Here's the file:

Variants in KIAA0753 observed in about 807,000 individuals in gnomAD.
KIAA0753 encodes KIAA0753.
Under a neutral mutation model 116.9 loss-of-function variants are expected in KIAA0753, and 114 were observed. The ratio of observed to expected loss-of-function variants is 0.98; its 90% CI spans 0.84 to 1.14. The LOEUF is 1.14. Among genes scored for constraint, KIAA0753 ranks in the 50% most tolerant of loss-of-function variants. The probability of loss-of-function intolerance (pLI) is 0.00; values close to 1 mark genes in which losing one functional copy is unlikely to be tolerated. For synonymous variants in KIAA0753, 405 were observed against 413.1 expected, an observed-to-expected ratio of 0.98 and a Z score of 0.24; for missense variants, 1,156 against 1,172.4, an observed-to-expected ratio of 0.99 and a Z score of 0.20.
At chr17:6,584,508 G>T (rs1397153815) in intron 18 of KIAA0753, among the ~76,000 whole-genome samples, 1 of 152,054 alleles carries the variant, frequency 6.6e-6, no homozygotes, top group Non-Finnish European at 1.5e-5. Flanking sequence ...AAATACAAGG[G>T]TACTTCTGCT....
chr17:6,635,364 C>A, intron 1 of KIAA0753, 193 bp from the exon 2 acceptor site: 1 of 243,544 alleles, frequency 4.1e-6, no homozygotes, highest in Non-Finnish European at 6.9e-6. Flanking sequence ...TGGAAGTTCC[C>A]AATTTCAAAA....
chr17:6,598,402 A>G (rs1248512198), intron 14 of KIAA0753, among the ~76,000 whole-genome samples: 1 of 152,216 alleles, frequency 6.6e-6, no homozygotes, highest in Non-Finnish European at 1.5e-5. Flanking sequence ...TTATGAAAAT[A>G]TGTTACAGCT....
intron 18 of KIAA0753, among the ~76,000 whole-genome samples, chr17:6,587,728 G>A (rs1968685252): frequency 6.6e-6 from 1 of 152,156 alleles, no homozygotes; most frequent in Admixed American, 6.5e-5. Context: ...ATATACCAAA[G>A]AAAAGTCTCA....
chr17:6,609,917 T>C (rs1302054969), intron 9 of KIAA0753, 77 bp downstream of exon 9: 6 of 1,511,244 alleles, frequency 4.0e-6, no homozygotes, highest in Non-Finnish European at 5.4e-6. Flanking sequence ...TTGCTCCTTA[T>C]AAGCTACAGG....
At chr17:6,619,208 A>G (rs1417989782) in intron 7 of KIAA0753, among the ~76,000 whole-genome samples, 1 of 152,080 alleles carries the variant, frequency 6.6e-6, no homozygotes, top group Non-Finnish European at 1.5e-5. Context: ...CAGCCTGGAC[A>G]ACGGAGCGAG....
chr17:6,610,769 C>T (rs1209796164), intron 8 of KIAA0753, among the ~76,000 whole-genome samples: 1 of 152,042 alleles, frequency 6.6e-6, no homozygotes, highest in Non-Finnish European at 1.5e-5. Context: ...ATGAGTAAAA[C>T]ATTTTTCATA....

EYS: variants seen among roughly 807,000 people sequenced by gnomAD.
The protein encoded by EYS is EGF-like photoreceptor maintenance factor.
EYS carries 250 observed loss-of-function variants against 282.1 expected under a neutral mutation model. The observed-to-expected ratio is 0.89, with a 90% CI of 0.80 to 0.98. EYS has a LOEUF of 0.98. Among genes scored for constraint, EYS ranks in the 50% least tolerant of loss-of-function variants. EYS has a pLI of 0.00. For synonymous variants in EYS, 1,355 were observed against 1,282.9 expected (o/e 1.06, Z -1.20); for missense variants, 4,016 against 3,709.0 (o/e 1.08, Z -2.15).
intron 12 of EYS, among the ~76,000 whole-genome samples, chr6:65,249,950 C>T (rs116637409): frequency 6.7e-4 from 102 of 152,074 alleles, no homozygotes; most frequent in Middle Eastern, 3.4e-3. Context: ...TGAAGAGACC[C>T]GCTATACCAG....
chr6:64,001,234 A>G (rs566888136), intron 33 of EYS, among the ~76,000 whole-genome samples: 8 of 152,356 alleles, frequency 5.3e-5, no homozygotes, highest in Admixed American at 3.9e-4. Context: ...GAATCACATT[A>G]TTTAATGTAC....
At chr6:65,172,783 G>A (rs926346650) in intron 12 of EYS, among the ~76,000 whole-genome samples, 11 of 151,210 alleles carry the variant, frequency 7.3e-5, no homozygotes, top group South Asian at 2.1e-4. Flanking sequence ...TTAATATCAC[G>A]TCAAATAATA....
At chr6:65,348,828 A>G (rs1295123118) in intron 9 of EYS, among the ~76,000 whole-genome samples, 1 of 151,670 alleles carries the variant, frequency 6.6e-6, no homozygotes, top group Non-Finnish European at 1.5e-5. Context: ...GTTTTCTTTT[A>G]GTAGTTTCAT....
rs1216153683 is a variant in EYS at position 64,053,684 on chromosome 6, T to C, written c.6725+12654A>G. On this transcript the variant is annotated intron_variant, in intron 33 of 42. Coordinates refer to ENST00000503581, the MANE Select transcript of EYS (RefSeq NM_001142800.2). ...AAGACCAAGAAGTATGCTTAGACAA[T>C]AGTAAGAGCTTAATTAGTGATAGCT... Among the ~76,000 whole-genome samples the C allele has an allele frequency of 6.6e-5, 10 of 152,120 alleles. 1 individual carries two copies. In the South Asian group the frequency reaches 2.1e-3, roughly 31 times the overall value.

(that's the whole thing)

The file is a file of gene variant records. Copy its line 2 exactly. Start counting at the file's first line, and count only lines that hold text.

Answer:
KIAA0753 encodes KIAA0753.